They replace the Red Kangaroo north of about 19 S latitude and are similar in colour and behaviour. They overlap a little with Eastern Grey Kangaroos in coastal northern Queensland.
Antilopine Kangaroos are some of the most social of Australian macropods: groups of 3 to 8 are normal and larger groups are seen at times. Adults groom each other at any time of year, not only as part of a mating ritual – which is rarely seen in other kangaroo species.
Their numbers are decreasing (1), and they are vulnerable to climate change. Until Euan Ritchie’s PhD in 2007 (2) there were very few scientific publications on any aspect of the Antilopine Wallaroo. They remain one of the least-studied of Australian kangaroos.
They can be hard to identify from Euro / Common Wallaroo and Black Wallaroo at times, so we have prepared this informative guide.
Antilopine Wallaroos have a distinctive head shape. Males, in particular, get a swollen look to the muzzle between the nose and the eyes, which gives them a rounded (mule-like) profile, and bullish look front-on.
It is not just an illusion – Antilopines have a very large bulbous nose which assists with heat loss (3).
Females also have this swollen nose feature, but it is less prominent.
The nose area is bare of fur. The muzzle is dark: black or grey, which compared to the white face gives them a big-nosed look.
The eyes can be heavy-lidded, and appear squinty. They often have white above and below the eyes, making the eyes, when wide open, seem very black in a pale face.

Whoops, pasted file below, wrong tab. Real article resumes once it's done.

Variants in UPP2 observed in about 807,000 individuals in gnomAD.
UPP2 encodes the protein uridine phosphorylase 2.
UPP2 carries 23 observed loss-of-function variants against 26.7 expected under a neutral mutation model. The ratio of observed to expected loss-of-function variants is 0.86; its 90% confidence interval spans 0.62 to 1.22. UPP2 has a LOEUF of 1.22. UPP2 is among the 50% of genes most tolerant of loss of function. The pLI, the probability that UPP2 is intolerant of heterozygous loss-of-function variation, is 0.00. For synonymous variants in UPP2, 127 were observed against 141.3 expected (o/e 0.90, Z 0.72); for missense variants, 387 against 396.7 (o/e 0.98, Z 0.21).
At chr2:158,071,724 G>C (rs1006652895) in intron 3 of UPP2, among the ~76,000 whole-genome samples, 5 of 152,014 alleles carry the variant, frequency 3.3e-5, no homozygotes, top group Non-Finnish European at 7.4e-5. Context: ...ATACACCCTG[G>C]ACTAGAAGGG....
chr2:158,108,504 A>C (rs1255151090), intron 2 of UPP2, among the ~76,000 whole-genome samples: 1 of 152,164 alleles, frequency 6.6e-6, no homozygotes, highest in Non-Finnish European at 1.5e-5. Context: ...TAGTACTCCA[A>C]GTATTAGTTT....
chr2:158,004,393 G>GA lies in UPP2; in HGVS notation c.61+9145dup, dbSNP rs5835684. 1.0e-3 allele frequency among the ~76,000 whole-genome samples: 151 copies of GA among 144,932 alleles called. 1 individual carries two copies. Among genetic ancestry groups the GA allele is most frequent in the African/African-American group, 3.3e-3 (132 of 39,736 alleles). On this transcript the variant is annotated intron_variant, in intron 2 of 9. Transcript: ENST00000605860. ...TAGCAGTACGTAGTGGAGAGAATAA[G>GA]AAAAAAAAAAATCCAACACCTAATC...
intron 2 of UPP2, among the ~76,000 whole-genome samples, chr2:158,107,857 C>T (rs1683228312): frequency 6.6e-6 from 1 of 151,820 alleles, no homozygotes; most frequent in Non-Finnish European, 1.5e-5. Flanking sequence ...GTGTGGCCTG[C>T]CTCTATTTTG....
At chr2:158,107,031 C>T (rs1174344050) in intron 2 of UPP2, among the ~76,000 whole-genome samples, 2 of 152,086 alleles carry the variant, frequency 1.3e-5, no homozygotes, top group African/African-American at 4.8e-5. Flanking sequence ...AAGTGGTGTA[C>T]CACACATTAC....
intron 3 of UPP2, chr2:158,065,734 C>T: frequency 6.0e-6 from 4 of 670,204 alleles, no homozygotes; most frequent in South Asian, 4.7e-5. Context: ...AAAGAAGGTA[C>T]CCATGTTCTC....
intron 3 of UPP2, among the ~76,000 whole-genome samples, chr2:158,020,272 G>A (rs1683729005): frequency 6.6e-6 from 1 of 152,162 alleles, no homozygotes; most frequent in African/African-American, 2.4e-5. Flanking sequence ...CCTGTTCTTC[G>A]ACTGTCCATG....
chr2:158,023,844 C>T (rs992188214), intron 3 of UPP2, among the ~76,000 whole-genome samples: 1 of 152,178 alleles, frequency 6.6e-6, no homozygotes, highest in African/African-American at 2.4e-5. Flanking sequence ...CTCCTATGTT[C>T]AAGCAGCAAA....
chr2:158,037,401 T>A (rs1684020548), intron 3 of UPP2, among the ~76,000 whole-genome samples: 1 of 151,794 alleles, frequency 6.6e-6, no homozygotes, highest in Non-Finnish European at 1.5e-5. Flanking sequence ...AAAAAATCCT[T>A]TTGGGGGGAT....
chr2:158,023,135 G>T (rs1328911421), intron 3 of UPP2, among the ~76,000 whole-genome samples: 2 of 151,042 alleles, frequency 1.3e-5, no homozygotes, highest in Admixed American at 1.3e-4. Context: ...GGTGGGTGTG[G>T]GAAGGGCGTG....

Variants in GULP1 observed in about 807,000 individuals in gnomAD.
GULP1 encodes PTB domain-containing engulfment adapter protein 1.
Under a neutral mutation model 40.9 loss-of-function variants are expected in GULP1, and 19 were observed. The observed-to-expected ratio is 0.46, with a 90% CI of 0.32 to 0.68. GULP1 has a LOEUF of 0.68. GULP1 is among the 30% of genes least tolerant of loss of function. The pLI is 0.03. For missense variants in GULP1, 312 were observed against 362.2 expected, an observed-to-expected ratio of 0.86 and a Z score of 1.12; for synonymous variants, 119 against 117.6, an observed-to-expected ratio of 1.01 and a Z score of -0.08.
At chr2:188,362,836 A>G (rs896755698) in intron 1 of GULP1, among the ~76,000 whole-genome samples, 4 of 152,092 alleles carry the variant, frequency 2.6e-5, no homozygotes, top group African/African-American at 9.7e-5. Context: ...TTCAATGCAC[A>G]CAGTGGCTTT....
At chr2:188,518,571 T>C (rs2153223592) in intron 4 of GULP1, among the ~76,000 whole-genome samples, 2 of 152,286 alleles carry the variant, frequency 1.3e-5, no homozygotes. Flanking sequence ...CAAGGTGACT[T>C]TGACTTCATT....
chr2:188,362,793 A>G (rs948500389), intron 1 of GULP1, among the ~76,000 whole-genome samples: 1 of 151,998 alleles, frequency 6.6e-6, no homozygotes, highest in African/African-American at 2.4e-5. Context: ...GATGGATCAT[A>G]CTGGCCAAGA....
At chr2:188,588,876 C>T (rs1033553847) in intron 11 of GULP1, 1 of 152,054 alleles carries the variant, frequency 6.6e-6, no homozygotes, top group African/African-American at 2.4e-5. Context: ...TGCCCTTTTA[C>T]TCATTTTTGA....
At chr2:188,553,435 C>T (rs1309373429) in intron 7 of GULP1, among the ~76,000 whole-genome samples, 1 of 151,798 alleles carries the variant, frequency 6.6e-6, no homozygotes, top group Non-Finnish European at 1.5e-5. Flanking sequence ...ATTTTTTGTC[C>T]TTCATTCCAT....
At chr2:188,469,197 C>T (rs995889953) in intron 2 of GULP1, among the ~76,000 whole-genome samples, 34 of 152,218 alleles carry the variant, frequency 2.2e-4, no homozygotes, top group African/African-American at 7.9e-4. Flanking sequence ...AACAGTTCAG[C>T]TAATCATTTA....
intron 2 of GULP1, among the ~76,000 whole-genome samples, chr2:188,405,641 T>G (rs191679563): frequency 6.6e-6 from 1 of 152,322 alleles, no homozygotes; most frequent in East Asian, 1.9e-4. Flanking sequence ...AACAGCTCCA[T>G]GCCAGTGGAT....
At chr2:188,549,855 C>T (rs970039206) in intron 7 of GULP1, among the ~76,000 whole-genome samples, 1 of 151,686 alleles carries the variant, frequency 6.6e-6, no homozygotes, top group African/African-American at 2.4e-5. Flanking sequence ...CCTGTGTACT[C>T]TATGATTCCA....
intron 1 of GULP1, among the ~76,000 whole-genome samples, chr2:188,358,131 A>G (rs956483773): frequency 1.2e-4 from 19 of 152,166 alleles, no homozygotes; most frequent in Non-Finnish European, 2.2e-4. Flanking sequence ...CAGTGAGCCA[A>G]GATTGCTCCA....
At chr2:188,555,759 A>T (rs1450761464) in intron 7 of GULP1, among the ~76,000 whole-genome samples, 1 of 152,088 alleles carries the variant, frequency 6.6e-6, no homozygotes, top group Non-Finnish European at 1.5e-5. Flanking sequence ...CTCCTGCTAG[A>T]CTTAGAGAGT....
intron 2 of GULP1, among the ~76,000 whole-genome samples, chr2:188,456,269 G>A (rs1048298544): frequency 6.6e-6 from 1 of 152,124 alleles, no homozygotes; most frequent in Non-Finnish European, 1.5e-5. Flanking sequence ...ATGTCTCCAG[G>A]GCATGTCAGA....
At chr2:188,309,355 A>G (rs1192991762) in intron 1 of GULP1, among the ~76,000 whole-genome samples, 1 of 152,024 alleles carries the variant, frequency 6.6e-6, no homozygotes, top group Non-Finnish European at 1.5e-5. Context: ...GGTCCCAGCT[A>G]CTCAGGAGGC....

The fur is slightly longer than in a Red Kangaroo, but not as shaggy as a Common Wallaroo (Euro). Males have beautiful reddish fur on their backs, with contrasting white legs and belly. Females range from all over grey-tan, to grey with a golden tinge and white belly & legs.
Antilopine Kangaroos are one of our favourite sightings in the Top End of the Northern Territory.
NOTES & REFERENCES:
Rootourism Fact Sheet: http://www.rootourism.com/fsheet16.htm
(1) IUCN Red List: https://www.iucnredlist.org/species/40561/21953729
(2) Ritchie, Euan (2007) The ecology and conservation of the antilopine wallaroo (Macropus antilopinus). PhD thesis, James Cook University. https://researchonline.jcu.edu.au/4777/
(3) Wadley, J.J.; Fordham, D.A.; Thomson, V.A.; Ritchie, E.G.; Austin, J.J. (November 2016). “Phylogeography of the antilopine wallaroo (Macropus antilopinus) across tropical northern Australia”. Ecology and Evolution. 6 (22): 8050–8061 https://www.ncbi.nlm.nih.gov/pmc/articles/PMC5108257/#ece32381-bib-0037
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